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Adapting to One Degree Less Air Conditioning

Remember your big air conditioning electric bills last summer?  For the average home, raising your thermostat by just 1 degree in the summer can save over $40/year. So even though it is only April, now is a good time to starting thinking about how you can begin to adapt your lifestyle to help reduce your energy bills for this spring and the coming summer.

If you increase the thermostat for your air conditioning by just one degree, you can save between 1-3% of your total annual energy bill. So example, if your annual electric bill is $2000 per year, then you can save $40 by making this small change. According to Energy Star, the optimal temperature setting for air conditioning is 78 degrees. If you move it to 79 degrees, you may not even notice the difference. And for the few times that it is uncomfortable for your family, you may find that you can adjust to these periods by just making small changes in your lifestyle.

In a typical home, your air conditioning system uses the most electricity of anything in your home:  between 16% and 20% of your total electric bill.  In warmer parts of the country, your air conditioning bill can even comprise up to two-thirds of the energy bill.

So if you are looking for ways to reduce your electricity use (and reduce your home's carbon footprint), then reducing your home's air conditioning needs is a good place to start.

To help you adapt to this one-degree change in temperature, here are some tips for you:

Close window blinds during the day: Closing your blinds during the hottest times of the day can save you up to $100 on your annual energy bill. You should especially try to close the blinds on your windows on the south and west sides of your home, as these will get the most direct impact from the sun.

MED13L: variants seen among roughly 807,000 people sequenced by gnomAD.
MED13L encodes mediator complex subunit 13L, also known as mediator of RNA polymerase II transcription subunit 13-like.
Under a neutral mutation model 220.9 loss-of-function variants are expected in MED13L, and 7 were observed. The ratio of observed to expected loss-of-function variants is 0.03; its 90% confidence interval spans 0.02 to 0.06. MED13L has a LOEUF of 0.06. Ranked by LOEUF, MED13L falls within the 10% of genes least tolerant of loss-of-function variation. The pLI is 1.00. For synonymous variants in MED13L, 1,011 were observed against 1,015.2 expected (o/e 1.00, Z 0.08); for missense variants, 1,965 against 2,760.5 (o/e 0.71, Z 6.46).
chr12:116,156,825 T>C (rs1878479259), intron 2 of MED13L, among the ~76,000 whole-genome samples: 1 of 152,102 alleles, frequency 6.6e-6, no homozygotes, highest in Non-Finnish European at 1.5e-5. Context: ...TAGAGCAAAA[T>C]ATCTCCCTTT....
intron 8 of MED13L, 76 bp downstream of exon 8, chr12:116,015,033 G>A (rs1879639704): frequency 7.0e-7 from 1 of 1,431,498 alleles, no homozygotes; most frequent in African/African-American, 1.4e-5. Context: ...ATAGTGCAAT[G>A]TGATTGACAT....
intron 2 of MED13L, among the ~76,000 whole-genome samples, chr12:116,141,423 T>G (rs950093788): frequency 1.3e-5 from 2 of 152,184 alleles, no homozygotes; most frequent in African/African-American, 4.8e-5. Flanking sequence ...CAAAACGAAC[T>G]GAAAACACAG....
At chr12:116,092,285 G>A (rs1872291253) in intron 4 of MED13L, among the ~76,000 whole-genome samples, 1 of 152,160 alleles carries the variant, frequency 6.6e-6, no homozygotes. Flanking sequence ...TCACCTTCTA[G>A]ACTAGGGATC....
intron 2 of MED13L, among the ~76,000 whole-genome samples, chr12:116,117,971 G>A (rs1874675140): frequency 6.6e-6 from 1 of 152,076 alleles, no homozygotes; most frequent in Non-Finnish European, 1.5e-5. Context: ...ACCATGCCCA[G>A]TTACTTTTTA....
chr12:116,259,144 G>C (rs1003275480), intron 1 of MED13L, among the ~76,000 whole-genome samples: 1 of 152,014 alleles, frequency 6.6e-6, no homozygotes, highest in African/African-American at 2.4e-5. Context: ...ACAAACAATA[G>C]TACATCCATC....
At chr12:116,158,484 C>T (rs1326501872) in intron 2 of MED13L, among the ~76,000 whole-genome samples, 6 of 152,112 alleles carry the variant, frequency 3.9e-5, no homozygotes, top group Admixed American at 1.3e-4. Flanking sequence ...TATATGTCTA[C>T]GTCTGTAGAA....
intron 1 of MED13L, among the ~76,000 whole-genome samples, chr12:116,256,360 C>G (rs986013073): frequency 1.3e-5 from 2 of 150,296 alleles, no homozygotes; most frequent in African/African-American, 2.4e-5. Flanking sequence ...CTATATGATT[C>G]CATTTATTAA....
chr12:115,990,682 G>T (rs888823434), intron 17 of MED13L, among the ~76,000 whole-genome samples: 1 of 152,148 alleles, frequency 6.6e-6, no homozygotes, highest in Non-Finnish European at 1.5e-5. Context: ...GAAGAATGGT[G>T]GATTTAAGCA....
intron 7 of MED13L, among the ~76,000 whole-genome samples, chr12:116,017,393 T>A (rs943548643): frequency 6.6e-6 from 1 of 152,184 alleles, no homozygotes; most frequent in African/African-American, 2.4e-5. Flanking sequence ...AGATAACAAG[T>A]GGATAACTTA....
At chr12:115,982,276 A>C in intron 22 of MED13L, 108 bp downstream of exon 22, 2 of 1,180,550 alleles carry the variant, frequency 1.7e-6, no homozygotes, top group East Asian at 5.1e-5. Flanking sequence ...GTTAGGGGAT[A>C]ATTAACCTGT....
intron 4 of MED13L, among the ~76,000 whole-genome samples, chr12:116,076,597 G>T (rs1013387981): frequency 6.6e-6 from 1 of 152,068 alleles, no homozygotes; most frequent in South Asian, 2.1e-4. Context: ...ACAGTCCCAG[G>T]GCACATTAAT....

Use a ceiling or room fan with your AC: If you use a ceiling or room fan in conjunction with your air conditioner, you can decrease your annual cooling costs by around $15. A ceiling fan uses only 75 watts/hr of energy, compared to 3,500 watts/hr for an average central air conditioning system, and 900 watts/hr for a window air conditioner unit. The moving air from a ceiling or room fan can make you feel 3 to 8 degrees cooler. If you have a ceiling fan and it will allow, then in the summer you should run it in the direction that draws air upwards in the room, rather than pushing warm air down (see types, costs, and reviews of: ceiling fans; room fans).

Wear clothes made of light-weight fabric: When you are at home on hot days, wear clothes made from light-weight fabric. This will help you adapt to the one-degree rise in temperature. And you might want to adjust your clothes fashions to include more shorts and tee shirts.

Use an AC timer for your Window AC unit: Contrary to popular belief, leaving your air conditioner on for the entire day, so that it doesn't have to work harder to cool a hot house when you get home, will actually increase your energy bill. But if your goal is to have your home cool for you when you get home, you can install a programmable thermostat for your central air conditioner, then you can program it to suit your convenience. For a window air conditioner that doesn't already have a self-timer, you can purchase a plug-in digital timer for less than $10. This small investment can pay for itself with what you will be saving on your cooling costs (see types, costs, and reviews of: programmable thermostats; plug-in digital timers).

So try this fairly simple and easy tip of increasing your thermostat by one degree, and use the tips above to adapt to this change. You can then enjoy reducing one of the biggest impacts on your home's electric bill.

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